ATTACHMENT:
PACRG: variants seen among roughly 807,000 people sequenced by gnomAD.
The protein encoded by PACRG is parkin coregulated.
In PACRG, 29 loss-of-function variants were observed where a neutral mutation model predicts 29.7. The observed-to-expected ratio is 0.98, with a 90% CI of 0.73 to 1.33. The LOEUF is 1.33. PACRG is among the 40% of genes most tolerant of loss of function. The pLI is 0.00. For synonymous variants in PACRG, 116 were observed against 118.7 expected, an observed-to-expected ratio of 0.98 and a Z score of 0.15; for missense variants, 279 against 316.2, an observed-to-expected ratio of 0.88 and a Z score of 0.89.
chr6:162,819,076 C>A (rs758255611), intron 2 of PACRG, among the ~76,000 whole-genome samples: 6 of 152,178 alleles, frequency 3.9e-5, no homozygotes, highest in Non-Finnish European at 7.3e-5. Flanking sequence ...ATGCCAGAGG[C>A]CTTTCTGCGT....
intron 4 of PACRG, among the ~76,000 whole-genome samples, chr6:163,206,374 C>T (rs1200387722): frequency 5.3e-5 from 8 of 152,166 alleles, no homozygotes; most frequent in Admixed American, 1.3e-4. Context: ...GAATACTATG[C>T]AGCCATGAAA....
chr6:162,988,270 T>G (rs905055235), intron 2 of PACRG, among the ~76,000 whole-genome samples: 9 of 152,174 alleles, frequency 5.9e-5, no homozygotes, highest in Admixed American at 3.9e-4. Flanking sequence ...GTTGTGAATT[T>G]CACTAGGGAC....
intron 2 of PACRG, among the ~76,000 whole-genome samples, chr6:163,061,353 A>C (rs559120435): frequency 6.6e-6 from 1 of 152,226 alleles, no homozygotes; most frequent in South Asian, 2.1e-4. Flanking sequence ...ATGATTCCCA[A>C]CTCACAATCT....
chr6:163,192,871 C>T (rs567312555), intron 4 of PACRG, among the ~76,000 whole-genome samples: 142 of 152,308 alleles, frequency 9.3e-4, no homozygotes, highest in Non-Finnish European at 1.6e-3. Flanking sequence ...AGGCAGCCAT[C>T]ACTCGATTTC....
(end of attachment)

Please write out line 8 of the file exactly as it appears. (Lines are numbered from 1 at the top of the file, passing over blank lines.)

chr6:163,192,871 C>T (rs567312555), intron 4 of PACRG, among the ~76,000 whole-genome samples: 142 of 152,308 alleles, frequency 9.3e-4, no homozygotes, highest in Non-Finnish European at 1.6e-3. Flanking sequence ...AGGCAGCCAT[C>T]ACTCGATTTC....